Amazon has recently launched a new service as part of its web-services offerings – Amazon Simple Email Service (or SES for short), an HTTP API for sending Emails. The main selling points are Amazon’s usual scalability power, as well as a relatively low price point for sending Emails (10 cents per 1000 Emails, not counting bandwidth). They also promise to improve deliverability using filters and feedback loops.
Having used Sendgrid for a while at our startup, Binpress, we were overall satisfied with their service. We did have some problems with seemingly innocent Emails ending up in spam boxes, and combined with the better pricing we thought Amazon SES deserved a shot.
This ain’t no rocket science
Amazon’s claims of simplicity would be justified indeed if you compare it with building a complete Email sending infrastructure with similar scaling power as their own offerin, but well, if you are tired of verifying email addresses one by one, you should take a look at one of these tools. However, compared to integrating competitors such as Sendgrid or any SMTP based service, SES integration is anything but simple.
Using any SMTP abstraction class, integrating an SMTP service involves passing the credentials and service endpoint IP. That’s it. We use the Zend_Mail component from the Zend Framework and our code looked like this:
$config = array( 'auth' => 'login', 'username' => 'email@example.com', 'password' => 'ourpassword' ); $transport = new Zend_Mail_Transport_Smtp('smtp.sendgrid.net', $config); $mail = new Zend_Mail(); // Prepare mail $mail -> send($transport);
Pretty straightforward. Getting Amazon SES up and running was anything but. I ended up writing a nice SES abstraction and even a Zend_Mail transport to go with it (you can check out the code here if you are not interested in the details).
Requests and authentication
The first hurdle to overcome is using Amazon’s authentication scheme. Unlike most HTTP APIs, Amazon doesn’t pass a request signature as a request parameter. Instead, it uses a custom HTTP header called ‘X-Amzn-Authorization’ – the documentation of which is hidden in one of the inner pages of the docs as a seemingly meaningless footnote. You cannot do anything without authorizing first! this section should’ve been front and center and explained much more clearly.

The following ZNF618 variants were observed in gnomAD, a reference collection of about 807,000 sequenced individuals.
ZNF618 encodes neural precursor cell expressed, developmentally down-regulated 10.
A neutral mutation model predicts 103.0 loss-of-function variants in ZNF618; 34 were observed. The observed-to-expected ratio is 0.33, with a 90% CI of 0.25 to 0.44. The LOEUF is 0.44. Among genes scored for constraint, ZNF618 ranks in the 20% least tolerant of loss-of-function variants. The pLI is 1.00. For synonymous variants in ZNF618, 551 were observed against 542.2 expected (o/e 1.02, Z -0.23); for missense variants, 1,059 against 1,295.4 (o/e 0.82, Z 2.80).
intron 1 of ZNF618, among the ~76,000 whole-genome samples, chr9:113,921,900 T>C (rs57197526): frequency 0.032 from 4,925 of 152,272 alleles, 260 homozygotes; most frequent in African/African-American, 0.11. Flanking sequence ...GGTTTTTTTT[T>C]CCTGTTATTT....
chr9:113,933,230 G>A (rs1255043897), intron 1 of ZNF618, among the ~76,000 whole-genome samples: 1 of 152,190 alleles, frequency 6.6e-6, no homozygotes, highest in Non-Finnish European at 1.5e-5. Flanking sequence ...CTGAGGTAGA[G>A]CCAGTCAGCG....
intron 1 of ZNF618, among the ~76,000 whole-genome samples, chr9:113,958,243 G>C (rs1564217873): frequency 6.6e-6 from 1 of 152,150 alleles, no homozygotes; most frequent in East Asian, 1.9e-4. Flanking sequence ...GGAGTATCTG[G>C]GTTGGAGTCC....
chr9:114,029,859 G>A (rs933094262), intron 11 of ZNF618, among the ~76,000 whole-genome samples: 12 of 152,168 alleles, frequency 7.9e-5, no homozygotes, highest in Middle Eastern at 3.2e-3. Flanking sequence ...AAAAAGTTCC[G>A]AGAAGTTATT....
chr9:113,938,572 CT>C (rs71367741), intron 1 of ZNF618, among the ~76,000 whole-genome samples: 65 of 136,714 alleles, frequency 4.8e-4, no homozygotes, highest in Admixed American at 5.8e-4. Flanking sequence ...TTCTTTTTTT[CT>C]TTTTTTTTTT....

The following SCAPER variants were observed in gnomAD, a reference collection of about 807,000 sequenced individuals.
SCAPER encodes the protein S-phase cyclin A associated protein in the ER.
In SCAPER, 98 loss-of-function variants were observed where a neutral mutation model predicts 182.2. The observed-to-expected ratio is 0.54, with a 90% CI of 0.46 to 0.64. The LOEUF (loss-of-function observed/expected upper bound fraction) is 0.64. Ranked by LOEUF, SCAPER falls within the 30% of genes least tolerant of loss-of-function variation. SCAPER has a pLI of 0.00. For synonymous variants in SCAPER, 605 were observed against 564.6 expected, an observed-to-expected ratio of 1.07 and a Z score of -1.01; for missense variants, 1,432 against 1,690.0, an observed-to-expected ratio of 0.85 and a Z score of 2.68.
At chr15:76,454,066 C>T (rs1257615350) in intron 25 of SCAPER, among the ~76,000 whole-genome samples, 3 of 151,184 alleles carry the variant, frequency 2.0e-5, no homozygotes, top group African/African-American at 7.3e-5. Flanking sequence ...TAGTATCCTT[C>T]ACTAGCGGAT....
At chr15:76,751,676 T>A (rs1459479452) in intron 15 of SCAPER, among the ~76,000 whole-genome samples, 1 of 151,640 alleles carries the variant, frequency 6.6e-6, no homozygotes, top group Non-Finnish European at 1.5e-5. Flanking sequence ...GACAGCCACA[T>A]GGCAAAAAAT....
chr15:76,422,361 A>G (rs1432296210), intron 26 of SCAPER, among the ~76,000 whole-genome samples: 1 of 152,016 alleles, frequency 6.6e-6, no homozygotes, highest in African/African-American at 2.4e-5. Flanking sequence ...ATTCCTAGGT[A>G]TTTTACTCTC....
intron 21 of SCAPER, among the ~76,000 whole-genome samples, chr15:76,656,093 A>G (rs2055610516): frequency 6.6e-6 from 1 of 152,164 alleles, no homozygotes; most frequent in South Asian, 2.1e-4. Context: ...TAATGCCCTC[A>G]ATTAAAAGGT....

Since we need custom headers, that immediately rules out something simple like file_get_contents() (which probably should be avoided anyway for it’s simplistic error handling). My first thought was to use cURL, like I do with most HTTP APIs – however after struggling with it for around an hour, I came to realize that cURL (at least for PHP) doesn’t allow you to specify custom headers that are not a part of the HTTP standard – like Amazon’s authentication header.
I briefly considered using http_request(), however that requires installing a PECL extension that is not bundled with the default installation, so that was scraped. The only viable option left for me was to construct the HTTP request myself from scratch and negotiate with the SES API using socket functions. Simple, right?
Luckily, SES docs do provide example requests. Being this was the first time in a while for me to experiment with raw HTTP requests and socket connections, it took me some time to get my bearings.
Socked up and raring to go
So was I ready to rock my Email world with Amazon SES at this point? not quite. Amazon’s example POST request looks like this –
POST / HTTP/1.1 Host: email.us-east-1.amazonaws.com Content-Type: application/x-www-form-urlencoded Date: Tue, 25 May 2010 21:20:27 +0000 X-Amzn-Authorization: AWS3-HTTPS AWSAccessKeyId=AKIADQKE4EXAMPLE,Algorithm=HMACSHA256,Signature=lBP67vCvGl ...